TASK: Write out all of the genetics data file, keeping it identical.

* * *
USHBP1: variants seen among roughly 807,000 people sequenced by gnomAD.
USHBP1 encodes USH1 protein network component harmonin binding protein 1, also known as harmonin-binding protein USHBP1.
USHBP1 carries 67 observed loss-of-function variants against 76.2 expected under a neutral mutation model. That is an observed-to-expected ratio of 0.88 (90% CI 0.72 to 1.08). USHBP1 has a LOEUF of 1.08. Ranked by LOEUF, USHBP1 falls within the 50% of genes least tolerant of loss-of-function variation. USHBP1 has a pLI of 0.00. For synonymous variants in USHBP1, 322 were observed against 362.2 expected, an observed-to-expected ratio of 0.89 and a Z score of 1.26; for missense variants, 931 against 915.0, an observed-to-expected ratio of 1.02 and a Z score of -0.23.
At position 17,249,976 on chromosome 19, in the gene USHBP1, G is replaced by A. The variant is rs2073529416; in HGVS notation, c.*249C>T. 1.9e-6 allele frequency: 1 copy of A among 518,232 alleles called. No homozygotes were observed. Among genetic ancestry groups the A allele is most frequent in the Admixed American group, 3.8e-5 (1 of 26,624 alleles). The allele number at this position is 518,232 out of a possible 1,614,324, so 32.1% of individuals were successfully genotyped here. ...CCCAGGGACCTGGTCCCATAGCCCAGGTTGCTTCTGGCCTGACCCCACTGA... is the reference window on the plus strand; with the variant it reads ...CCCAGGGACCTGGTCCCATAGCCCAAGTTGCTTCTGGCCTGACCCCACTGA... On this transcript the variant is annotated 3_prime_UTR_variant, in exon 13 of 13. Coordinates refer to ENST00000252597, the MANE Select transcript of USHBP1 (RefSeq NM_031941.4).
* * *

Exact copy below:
USHBP1: variants seen among roughly 807,000 people sequenced by gnomAD.
USHBP1 encodes USH1 protein network component harmonin binding protein 1, also known as harmonin-binding protein USHBP1.
USHBP1 carries 67 observed loss-of-function variants against 76.2 expected under a neutral mutation model. That is an observed-to-expected ratio of 0.88 (90% CI 0.72 to 1.08). USHBP1 has a LOEUF of 1.08. Ranked by LOEUF, USHBP1 falls within the 50% of genes least tolerant of loss-of-function variation. USHBP1 has a pLI of 0.00. For synonymous variants in USHBP1, 322 were observed against 362.2 expected, an observed-to-expected ratio of 0.89 and a Z score of 1.26; for missense variants, 931 against 915.0, an observed-to-expected ratio of 1.02 and a Z score of -0.23.
At position 17,249,976 on chromosome 19, in the gene USHBP1, G is replaced by A. The variant is rs2073529416; in HGVS notation, c.*249C>T. 1.9e-6 allele frequency: 1 copy of A among 518,232 alleles called. No homozygotes were observed. Among genetic ancestry groups the A allele is most frequent in the Admixed American group, 3.8e-5 (1 of 26,624 alleles). The allele number at this position is 518,232 out of a possible 1,614,324, so 32.1% of individuals were successfully genotyped here. ...CCCAGGGACCTGGTCCCATAGCCCAGGTTGCTTCTGGCCTGACCCCACTGA... is the reference window on the plus strand; with the variant it reads ...CCCAGGGACCTGGTCCCATAGCCCAAGTTGCTTCTGGCCTGACCCCACTGA... On this transcript the variant is annotated 3_prime_UTR_variant, in exon 13 of 13. Coordinates refer to ENST00000252597, the MANE Select transcript of USHBP1 (RefSeq NM_031941.4).